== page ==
Planned Parenthood will be hit particularly hard by the rule, as its affiliates serve 40% of Title X patients. Planned Parenthood says it can lose up to $60 million.

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“Planned Parenthood will not stand for this attack on millions of people across the country. We will be immediately seeking emergency relief from the Court of Appeals,” Planned Parenthood President Leana Wen said in a statement.

“Planned Parenthood will not let the government censor our doctors and nurses from informing patients where and how they can access health care. We will continue to fight the Trump administration in the courts and alongside champions in Congress to protect everyone’s fundamental right to health care,” she added.

Planned Parenthood said Thursday that it will not participate in the Title X program if the rule permanently takes effect. In the short term, it will rely on emergency funds to keep its clinics running, so patients are unlikely to see a difference in their care.

Other independent clinics who receive Title X dollars are still trying to assess what Thursday’s ruling means for them, but it’ll likely devastate providers. They will not operate similarly under the rule and patients will notice.

“Providers have to make the decision on whether to stay or leave the program,” a NFPRHA spokesperson told ThinkProgress. “Leaving the program means they may not be able to subsidize care for low income people because they are losing a major source of revenue. That of course will impact patients.”

The rule was going to start taking effect May 3, but various federal district courts stopped that from happening. In essence, the rule will divert funds from clinics like Planned Parenthood to centers that have a history of misleading patients.

Critics call the new regulation a gag rule since it forbids providers from even mentioning abortion during pregnancy counseling. “It is absolutely a gag rule of what I’m able to say to my patients,” said Jamila Perritt, an OB/GYN and Physicians for Reproductive Health fellow, at a House hearing Wednesday.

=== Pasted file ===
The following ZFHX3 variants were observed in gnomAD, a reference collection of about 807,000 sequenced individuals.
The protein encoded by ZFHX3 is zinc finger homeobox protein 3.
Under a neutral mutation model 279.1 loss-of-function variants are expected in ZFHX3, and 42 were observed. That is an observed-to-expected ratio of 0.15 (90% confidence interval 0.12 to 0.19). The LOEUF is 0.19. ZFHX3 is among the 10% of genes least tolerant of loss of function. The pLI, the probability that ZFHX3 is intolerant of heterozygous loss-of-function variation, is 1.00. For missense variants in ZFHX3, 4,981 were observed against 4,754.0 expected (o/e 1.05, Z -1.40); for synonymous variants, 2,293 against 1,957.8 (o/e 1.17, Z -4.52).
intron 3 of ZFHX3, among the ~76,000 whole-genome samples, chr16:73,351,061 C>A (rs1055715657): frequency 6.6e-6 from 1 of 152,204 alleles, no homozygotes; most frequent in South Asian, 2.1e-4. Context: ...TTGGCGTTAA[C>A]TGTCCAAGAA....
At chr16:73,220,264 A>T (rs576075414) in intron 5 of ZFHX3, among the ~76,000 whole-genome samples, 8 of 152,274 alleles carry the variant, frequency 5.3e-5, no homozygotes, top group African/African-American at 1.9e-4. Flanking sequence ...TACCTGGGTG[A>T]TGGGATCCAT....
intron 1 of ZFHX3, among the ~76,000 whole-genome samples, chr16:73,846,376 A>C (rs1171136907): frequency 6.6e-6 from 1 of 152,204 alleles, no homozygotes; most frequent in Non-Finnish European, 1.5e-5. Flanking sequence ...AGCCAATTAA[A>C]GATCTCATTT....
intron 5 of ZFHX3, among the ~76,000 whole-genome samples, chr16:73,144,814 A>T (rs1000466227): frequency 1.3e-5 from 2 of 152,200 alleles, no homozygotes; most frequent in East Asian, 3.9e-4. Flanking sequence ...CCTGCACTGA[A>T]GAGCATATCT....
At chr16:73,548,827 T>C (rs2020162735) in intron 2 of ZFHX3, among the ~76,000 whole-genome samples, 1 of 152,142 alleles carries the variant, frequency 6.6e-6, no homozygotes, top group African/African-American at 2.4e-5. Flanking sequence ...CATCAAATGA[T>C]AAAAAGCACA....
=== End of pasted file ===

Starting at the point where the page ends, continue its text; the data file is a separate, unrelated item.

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The three-judge panel allowed the Trump administration to enforce the rule pending a final decision, because they believe the administration is likely to prevail in court.

“Absent a stay, HHS will be forced to allow taxpayer dollars to be spent in a manner that it has concluded violates the law, as well as the Government’s important policy interest in ensuring that taxpayer dollars do not go to fund or subsidize abortions,” said the decision, issued by the three judges appointed by Republican presidents.

An HHS official admitted to lawmakers Wednesday that she does not know of any instance when Title X dollars paid for abortions — this is currently illegal — but said the department wants to prevent “co-mingling.”

Florida State University law professor Mary Ziegler, who closely tracks abortion law, said on Twitter that the ruling was “[n]ot a huge surprise, but a consequential one.” That’s because the Trump rule resembles Reagan-era rules that were upheld by the federal courts. Ziegler previously told ThinkProgress that the best case scenario for reproductive rights and justice activists was a Democrat taking back the White House in 2020 and rescinding the rule.  

This post was updated to include comment from the National Family Planning & Reproductive Health Association and the Department of Health and Human Services.